Cradle and All

By Daniel Goldfarb
Directed by Sam Buntrock
Featuring Maria Dizzia and Greg Keller
Manhattan Theatre Club, Stage 1 at City Center, 131 West 55th Street
production web site:

May 10, 2011 — June 19, 2011

Reviewed by Martha Wade Steketee
May 29, 2011

  • I owe it to myself. I want to know I’m a good mother.  A better mother than I am an actress. (Claire)
Greg Keller and Maria Dizzia. Photo by Sara Krulwich, The New York Times.

I remember reading, as a twenty-something, general consumption reviews of the “capture the zeitgeist” television hour-long dramedy 30something as whiney, self-involved, pampered adult kids who just need to grow up and get a life already.  I pushed those evaluations aside at the time because those reviewers were trashing a weekly soap opera with nicely crafted arcs that I loved.  Of course I aspired to aspects of the lives portrayed. I was in a midwestern college town in a graduate program that was didn’t match my real interests and I looked to these characters who lived in a larger city (points) on the Eastern seaboard (more points), living in lofts or cool houses or rambling apartments, and having complicated and involved lives losing and gaining jobs, deciding to have children, having affairs, getting divorced.  Living.  Such drama informs but does not frame the two-act, two-apartment, two-couple superficial treatment of postponed adulthood, postponed parenthood, troubled couplehood presented at City Center in Daniel Goldfarb‘s Cradle and All.  Playwright Goldfarb places procreation center stage, and all other life decisions on the periphery, and everything comes out superficially addressed.

On the one side of the hall the older woman (by five key childbearing years — 34 versus 39, that we soon learn has been rounded down) in a five-year connected couple talks around, then addresses dead on the subject of possible parenthood.  Claire (Maria Dizzia) was a B-movie actress who then adolescent Luke (Greg Keller) saw on television in her one big (bad) movie, and indulged masturbatory fantasies (yes we hear about them) by meeting her, then bedding her, then coupling with her in a Brooklyn apartment.  We don’t know what she does for a living now; we do know that he (now in his mid 30s) is working for a rich uncle in the antique business.  He doesn’t want to move on from their childless state; we and Luke learn in this late night conversation of an old choice she once made (and unbelievable that she never mentioned this fact before) that enhances her desire for a child now.  On the other side of the hall in the second act, we are introduced in an identical yet flipped and toy-strewn apartment to Annie (Maria Dizzia again) and Nate (Greg Keller again), parents of a constantly crying 11 month old.  These cries attract the childless and traumatize the new parents.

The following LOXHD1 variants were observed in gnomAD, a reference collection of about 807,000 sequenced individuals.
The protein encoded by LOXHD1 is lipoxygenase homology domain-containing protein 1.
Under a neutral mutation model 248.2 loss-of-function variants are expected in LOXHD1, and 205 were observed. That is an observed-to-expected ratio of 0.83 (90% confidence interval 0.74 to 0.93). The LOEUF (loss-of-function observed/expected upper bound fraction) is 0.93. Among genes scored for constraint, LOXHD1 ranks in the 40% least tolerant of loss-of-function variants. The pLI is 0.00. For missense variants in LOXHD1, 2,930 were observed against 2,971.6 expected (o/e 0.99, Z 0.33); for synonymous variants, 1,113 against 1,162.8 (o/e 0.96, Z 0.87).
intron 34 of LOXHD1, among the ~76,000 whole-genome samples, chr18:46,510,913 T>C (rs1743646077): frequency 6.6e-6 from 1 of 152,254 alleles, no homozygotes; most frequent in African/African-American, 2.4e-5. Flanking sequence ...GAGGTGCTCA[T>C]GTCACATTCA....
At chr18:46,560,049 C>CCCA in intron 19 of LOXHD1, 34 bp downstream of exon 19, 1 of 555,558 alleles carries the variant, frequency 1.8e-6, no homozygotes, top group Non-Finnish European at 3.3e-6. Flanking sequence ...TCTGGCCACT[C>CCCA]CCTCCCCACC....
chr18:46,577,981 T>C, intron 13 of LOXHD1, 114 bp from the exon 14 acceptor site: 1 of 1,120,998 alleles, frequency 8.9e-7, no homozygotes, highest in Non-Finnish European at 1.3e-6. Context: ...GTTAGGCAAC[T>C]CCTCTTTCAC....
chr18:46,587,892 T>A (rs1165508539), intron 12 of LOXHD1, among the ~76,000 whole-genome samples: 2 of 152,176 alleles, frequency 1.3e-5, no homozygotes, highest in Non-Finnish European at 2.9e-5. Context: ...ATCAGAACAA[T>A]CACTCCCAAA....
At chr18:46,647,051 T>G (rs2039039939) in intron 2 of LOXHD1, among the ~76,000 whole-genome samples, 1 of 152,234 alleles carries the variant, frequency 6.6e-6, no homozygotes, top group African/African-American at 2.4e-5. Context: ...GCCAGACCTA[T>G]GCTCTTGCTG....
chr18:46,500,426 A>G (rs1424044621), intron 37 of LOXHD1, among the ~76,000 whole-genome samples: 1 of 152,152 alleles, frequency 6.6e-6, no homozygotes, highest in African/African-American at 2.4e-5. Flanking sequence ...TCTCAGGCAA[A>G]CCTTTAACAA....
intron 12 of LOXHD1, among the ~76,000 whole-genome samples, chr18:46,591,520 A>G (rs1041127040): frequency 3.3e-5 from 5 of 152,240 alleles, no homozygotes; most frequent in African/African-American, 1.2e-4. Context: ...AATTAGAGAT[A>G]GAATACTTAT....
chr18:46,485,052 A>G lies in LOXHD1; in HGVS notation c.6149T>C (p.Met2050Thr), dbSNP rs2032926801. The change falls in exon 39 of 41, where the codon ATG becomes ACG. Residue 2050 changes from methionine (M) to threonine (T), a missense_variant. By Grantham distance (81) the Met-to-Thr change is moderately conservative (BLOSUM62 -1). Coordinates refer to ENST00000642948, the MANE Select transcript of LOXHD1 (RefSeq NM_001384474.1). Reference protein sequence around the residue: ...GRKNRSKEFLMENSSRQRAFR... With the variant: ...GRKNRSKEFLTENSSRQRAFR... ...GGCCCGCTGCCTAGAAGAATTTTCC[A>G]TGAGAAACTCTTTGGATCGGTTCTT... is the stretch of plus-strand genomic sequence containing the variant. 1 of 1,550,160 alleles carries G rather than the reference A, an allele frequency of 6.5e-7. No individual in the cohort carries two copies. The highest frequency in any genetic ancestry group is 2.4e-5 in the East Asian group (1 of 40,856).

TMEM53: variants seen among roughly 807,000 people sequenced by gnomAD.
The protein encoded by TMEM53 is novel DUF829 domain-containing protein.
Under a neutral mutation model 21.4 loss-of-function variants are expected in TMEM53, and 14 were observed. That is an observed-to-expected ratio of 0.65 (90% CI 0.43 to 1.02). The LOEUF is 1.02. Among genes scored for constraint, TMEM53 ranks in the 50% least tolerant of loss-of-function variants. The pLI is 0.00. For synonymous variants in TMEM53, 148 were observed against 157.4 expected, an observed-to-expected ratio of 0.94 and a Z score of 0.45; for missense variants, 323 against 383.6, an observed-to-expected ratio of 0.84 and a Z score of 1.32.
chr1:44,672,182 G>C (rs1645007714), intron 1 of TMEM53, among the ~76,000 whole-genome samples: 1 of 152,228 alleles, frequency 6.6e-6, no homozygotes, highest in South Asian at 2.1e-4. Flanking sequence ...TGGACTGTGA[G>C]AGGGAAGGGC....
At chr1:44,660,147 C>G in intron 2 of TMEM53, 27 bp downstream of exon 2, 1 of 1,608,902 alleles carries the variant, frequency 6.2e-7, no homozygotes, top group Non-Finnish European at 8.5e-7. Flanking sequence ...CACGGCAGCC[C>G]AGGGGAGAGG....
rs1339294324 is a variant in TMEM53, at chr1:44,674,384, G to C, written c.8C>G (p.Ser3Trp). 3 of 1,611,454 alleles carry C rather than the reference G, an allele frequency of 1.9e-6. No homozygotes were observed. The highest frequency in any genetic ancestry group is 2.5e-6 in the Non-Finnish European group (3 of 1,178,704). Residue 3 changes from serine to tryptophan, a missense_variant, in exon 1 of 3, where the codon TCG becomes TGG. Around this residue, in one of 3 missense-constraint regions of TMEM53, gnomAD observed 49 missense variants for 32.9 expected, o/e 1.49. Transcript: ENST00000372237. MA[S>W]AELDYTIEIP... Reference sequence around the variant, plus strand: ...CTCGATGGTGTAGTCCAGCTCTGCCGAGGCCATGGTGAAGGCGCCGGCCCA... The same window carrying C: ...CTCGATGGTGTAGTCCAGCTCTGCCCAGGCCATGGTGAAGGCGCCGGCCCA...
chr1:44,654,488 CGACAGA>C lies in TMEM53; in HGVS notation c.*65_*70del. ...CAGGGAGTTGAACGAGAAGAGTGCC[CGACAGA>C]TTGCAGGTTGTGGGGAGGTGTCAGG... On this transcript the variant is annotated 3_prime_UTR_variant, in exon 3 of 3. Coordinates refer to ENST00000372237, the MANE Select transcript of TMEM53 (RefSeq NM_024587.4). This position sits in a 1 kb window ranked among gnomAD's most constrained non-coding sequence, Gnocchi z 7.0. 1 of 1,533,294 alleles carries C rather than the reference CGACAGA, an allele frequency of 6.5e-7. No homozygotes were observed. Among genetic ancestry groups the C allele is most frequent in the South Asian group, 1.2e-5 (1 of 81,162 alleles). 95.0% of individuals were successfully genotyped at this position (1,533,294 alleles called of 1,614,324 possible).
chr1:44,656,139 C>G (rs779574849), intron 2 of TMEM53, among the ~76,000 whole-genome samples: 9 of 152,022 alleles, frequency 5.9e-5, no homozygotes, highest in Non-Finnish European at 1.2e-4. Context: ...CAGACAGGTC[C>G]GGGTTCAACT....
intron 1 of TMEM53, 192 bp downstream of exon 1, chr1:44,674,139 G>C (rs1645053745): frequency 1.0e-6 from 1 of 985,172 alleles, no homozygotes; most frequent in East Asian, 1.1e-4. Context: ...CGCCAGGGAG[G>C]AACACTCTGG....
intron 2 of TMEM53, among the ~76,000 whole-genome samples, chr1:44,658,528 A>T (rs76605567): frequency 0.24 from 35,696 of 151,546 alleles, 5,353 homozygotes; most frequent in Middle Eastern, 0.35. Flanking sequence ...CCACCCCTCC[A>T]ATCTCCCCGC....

The beautiful apartments, the lovely clothes, the references to one of the partners in each household not working for years (and they’re both actors) bring up the old 30something critique for me.  Set design by Neil Patel creates a world we’d want to live in.  Props capture the different worlds: childless Claire purchases twelve dozen red roses and strews petals around the room for an ill-conceived (and ineffectual) stab at romance; Annie and Nate navigate among their child’s belongings and barely tidy the overwhelmingly toy populated apartment across the hall.  But when mommy Annie at the end of her rope, after hours of therapist-encouraged “let her cry herself to sleep” advice online, and who is now (I supposed we are to gather) deciding to standing in her own strength and make her own decisions to parent her own way, calls that same therapist a c*nt after an unbelievable set of instructions by the therapist to the parents (don’t clean the infant up after she’s been sick, show her who’s boss and she won’t do it again), my sympathies for any of the characters on stage and for the playwright himself finally left the building.

© Martha Wade Steketee (May 30, 2011)

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